He draws “some hope” from the fact the world has “thwarted an existential threat” before in the form of the use of thermonuclear weapons during the cold war. “We’ve stared into the abyss and blinked at least once before,” says Mann. Climate change is a “deeper, more ingrained problem”, although he believes “we can look to the past for some cautious optimism.” 

Mann would like to see more nuance across the board on the framing of climate change, including the 1.5C warming level cited in the Paris Agreement. This temperature rise “isn’t a cliff that we go off at”, says Mann — even though it is often presented as such.

He believes the figure is important, as “we need actionable targets, or there is nothing really holding politicians’ feet to the fire.” But “we need to make it clear that every fraction of a degree [of warming] matters.” 

Similarly, in his latest book, Mann suggests a figure of 8bn people is “beyond the natural ‘carrying capacity’ of our planet” but admits conversations about population and climate action are difficult. “They require a level of nuance it is hard to maintain in the social media, binary world we seem to increasingly inhabit,” he says. “It is obvious the planet can only support so many human beings. We can inflate the numbers through technology, but there are limits.”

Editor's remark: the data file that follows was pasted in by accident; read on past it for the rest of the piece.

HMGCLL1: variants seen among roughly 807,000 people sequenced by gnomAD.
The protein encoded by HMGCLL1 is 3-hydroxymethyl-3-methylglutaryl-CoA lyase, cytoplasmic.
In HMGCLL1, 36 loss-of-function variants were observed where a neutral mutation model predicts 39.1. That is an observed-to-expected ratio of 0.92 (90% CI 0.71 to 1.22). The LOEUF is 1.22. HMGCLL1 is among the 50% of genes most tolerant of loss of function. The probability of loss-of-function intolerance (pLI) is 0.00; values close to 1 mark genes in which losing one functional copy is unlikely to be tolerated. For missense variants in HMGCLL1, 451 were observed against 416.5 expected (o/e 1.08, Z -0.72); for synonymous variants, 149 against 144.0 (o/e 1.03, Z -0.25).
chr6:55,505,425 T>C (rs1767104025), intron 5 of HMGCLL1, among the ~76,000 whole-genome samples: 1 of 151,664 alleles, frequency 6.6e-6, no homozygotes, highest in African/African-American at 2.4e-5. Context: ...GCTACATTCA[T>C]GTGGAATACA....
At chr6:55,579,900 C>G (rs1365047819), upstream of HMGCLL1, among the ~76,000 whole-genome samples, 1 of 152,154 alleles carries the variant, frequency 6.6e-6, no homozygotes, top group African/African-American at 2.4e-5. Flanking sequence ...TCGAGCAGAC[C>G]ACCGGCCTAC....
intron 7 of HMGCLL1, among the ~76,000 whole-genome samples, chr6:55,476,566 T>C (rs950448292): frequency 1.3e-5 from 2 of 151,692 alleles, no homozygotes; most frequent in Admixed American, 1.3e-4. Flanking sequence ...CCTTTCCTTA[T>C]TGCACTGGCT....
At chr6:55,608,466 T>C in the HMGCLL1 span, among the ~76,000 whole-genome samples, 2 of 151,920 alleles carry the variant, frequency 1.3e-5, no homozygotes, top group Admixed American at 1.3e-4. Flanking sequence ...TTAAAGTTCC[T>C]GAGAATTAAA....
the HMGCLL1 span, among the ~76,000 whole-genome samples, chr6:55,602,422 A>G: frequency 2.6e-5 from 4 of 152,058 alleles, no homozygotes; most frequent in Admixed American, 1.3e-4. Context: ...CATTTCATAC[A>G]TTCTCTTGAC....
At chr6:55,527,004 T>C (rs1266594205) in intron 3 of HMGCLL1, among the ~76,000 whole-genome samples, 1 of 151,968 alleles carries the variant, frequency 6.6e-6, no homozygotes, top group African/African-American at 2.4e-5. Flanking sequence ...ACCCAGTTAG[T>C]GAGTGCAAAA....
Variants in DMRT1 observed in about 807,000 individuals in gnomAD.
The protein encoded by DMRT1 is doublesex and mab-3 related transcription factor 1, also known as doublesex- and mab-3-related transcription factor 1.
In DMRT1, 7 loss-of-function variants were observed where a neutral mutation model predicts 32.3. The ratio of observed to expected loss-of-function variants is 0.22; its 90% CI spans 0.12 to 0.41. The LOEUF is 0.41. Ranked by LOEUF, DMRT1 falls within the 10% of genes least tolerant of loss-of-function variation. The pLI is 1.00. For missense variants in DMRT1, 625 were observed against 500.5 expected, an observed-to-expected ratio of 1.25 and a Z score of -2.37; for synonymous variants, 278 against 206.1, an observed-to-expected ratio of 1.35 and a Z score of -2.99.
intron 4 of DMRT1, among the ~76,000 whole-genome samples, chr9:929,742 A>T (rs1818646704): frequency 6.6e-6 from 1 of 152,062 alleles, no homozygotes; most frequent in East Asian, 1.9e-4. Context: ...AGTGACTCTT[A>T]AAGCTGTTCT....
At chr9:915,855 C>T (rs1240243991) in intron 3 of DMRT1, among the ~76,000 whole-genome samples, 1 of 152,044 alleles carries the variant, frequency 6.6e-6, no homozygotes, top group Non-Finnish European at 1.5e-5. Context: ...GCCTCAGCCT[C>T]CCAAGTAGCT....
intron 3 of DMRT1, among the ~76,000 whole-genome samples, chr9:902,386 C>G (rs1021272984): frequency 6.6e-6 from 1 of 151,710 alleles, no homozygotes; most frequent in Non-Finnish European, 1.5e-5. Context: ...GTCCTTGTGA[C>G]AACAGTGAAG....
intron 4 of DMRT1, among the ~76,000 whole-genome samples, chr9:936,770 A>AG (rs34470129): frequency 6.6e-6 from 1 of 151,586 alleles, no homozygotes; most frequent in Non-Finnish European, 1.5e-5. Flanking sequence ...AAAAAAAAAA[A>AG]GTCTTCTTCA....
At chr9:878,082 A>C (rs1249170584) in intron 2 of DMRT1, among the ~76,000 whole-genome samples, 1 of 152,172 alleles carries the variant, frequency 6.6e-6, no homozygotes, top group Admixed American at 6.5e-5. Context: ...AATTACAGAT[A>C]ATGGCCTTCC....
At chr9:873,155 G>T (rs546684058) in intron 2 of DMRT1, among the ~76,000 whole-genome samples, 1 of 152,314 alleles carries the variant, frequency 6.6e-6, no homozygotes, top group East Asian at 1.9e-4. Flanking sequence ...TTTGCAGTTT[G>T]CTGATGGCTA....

Discussions about population are often avoided because, historically, they have sometimes “led us to problematic places where the blame seems to be placed preferentially on the developing world and on people of colour”, says Mann. “The racial overtones that have emerged in the past are problematic and troubling, and we need to flip the switch.

“It is possible to say a population is too large for the planet to support and still recognise that culpability does not apply equally across the board. In the developed world, our footprint is orders of magnitude bigger than in the developing world. More people means more carbon, more warming, and more climate change, but not all people are the same.”

Instead of focusing on population by itself, Mann advocates increasing support for the education of women, which can limit population growth and help address climate change.

A multitude of studies show that extreme weather events, more frequent in a warmer world, have a bigger impact on women than men. The loss and damage fund, agreed at the COP27 summit last year, can help drive change in this area, increase resilience and allow poorer nations to leapfrog to clean energy, says Mann. 

Whether and how negotiators “put more meat on the bones” of the fund will be Mann’s focus at COP28. “There are all sorts of things about COP28 that can make one feel uneasy,” but “I think there is some potential” for loss and damage. The fund, he says, also comes back to a core message of his book: “We can work together to solve this problem, but it requires co-operation at an unprecedented scale.”